Community divided over how to protect Swansea's horses
Teddy was taken from his mother and sold when he was just a tiny foal. Kept in a garden shed, he ended up emaciated and infested with worms and lice, before being abandoned in horrific winter conditions.
In January, he was taken in by Swansea's Community Horse and Pony Scheme (Chaps). He is now a healthy, lively little pony, and a sponsor is giving the equine charity the £100 a week it needs to make sure Teddy is looked after; they hope he will soon find a forever family.
Teddy's story symbolises the complexity of how to deal with Swansea's estimated 600 urban horses.
"He is one of the cases of urban horse ownership being driven underground," said Katie Double, project officer with Chaps. "And with the focus now on Swansea, lots of animals are being abandoned here."
A common sight across Swansea's estates and green spaces, horses have been an intrinsic part of the city's identity for decades.
But welfare concerns are growing - and a proposed council ban on tethering horses on public land has polarised the emotional debate.
Risk of abuse
Chaps has launched a petition against any potential ban, and said it will lead to more abandoned animals like Teddy.
Yet the Friends of Swansea Horses (Fosh) claim a ban is the only way to protect urban horses, and that as many as up to 80% of tethered horses do not get enough exercise, water or food.
"Apart from the cruelty of being tied up, we have clear documentary evidence of horses being attacked by dogs. We have reports of horses being set alight. In one instance, somebody was actually filmed kicking a horse," said David Grimsell of Fosh.
"The risk of abuse is very real."
Their campaign has taken the issue to the top of the council. And over the coming weeks, the authority will make a decision. Swansea is already leading the way in using 2014 Welsh Government legislation designed to deal with stray and abandoned horses, with 233 animals removed in the first year of the law's introduction. But Fosh said much more needs to be done.
"Public spaces provide free livery. What tends to happen is that the horses get neglected, or they break tether," Mr Grimsell added.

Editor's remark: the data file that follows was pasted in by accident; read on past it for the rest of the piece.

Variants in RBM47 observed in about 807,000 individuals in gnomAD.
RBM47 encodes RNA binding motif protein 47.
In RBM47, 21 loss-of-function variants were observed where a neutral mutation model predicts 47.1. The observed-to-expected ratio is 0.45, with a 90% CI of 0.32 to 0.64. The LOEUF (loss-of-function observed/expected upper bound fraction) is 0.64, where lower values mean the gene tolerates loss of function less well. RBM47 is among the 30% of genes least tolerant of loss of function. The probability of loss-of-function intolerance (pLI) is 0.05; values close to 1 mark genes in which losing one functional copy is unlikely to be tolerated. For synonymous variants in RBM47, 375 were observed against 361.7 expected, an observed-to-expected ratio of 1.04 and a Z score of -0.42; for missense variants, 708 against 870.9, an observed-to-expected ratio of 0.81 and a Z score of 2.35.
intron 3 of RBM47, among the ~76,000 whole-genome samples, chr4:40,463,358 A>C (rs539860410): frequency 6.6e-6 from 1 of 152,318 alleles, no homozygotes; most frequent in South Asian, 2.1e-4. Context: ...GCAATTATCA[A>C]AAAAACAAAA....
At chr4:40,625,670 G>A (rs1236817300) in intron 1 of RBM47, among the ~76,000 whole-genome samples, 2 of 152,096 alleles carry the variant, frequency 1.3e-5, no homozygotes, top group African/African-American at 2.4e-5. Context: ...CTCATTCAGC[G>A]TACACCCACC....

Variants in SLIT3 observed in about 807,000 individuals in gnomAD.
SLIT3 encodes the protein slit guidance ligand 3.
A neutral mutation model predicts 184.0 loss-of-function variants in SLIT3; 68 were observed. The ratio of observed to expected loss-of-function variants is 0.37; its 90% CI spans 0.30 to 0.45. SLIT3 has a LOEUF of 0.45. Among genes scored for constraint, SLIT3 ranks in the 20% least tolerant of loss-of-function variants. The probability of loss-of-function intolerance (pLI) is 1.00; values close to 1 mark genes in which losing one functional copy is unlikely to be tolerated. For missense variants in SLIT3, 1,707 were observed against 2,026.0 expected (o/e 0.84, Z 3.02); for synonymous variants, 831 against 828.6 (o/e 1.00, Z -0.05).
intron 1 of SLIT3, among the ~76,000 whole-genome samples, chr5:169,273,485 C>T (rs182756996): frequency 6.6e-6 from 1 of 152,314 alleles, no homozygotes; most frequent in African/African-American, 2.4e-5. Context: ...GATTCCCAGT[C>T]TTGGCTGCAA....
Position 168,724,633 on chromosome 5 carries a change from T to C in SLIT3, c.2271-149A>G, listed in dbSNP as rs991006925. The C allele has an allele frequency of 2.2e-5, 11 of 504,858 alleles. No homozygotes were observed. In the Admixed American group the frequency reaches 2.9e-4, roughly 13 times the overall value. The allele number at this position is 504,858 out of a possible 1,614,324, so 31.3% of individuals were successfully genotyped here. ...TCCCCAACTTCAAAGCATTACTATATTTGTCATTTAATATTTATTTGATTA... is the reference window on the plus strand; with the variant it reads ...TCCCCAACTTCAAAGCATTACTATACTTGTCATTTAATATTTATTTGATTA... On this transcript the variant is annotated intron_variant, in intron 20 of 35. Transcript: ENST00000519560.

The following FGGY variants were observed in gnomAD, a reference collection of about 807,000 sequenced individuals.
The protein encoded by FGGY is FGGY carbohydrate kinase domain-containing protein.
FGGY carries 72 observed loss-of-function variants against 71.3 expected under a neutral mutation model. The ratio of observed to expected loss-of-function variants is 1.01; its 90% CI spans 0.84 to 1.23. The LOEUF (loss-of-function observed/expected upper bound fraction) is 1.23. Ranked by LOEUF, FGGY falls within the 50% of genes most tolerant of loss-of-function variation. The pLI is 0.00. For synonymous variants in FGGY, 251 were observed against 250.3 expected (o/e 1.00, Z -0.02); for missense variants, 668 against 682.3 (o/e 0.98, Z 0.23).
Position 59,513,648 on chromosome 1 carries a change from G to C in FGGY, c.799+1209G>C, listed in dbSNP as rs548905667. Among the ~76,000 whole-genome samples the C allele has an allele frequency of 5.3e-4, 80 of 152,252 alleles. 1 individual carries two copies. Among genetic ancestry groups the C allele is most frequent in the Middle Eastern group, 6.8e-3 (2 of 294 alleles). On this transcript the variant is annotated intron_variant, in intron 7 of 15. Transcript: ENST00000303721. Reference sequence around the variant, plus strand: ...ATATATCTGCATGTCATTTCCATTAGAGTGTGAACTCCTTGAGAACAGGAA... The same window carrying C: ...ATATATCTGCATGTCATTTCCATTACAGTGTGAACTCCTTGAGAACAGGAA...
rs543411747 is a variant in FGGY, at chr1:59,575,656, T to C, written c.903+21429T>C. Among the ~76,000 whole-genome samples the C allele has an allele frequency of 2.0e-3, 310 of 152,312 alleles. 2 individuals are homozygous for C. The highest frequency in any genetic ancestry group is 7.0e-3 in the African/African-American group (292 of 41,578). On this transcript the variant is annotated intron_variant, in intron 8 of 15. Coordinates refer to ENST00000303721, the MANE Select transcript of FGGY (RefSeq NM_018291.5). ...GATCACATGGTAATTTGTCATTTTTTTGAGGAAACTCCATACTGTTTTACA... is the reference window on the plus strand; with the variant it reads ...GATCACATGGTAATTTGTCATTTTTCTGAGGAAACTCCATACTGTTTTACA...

"Animal welfare normally falls to the RSPCA. But they have difficulties identifying horses; you can't find who the owner is and it is difficult to prosecute for tethering.
"In the past, the council has been reactive. It picks up a horse if there is a risk to public safety or if there is a nuisance. All that happens then is that those horses are replaced. So the cycle just keeps on going. But if the council was to make a formal prohibition, we think it would stop that cycle occurring."
His work, he claimed, has led to intimidation.
"There are a number of people who keep horses on public spaces who are very defensive. We learned that quite a lot of people are afraid to speak out," he said.
In 2014 alone, Swansea council received 664 complaints relating to horses and seized 225 animals, at a cost Fosh estimates at £74,000.
And between 2012 and 2014, the authority destroyed 224 horses.
Last year, that dropped to just five after the authority started sending abandoned animals to Norfolk's Hillside Sanctuary. About 200 horses from Swansea now live there.
But Chaps said the sanctuaries were now full. Although they don't condone tethering, they said a ban would drive owners to hide their animals, indirectly leading to more horses being put down and badly treated.
Unscrupulous dealers dumping horses are the real issue, Chaps equine welfare officer Lisa Lanfear said. She believes the council should create communal grazing grounds in the city. The charity runs education, microchipping and vet services for local horse owners, and the authorities could do the same - instead of introducing more regulation.
"Otherwise, horses will be kept in garden sheds, garages and even houses. We won't be able to monitor their welfare. It will have a terrible effect. It's what goes on behind closed doors that we need to worry about.
"The majority of urban horse owners would love to see their horses grazing. There is immense talent in the community; we need to nurture that instead of chastising it."
The tradition of horse ownership in Swansea stretches back hundreds of years, when workers in the copper and mining industries moved to the city with their animals. Lisa says it's in the blood of many of the city's inhabitants, with horses at the heart of the city's evolution. And as a small city surrounded by countryside, Swansea people haven't lost their love of horses.
Former rag and bone man Alan Jenkins lives in Penlan, and owns four horses.
"It's very important for the area. A lot of children look after the horses, and it keeps them out trouble. There's nothing wrong with tethering. I've done it all my life.
"The horses are quite happy and loved and fed. They are on a 20ft tether. They are well looked after."
The RSPCA said it was constantly dealing with horse welfare issues in Swansea. Although the charity won't comment on a ban, it added it was "doing all it can to reduce tethering" of horses in the city, and that tethering is "not recommended as a viable way of keeping a horse."
A balanced view
Swansea council emphasises existing powers to seize animals tethered on their land are not duties - but it is not actively tackling the problem, with 72 horses impounded between April and November 2015.
Cllr Jeff Jones, chair of the council group looking into the issue, said it was a highly sensitive problem for the city.
He said he didn't realise the scale of the problem - nor the horrendous conditions many horses have been subjected to - until he started his investigations.
"Historically people have kept horses in Swansea. But perhaps it is the time to review this.
"This is a longstanding issue, and we just can't keep ignoring it. We need to tackle this. But we need to take a balanced view - if you introduced a total ban, what would you do with those horses?"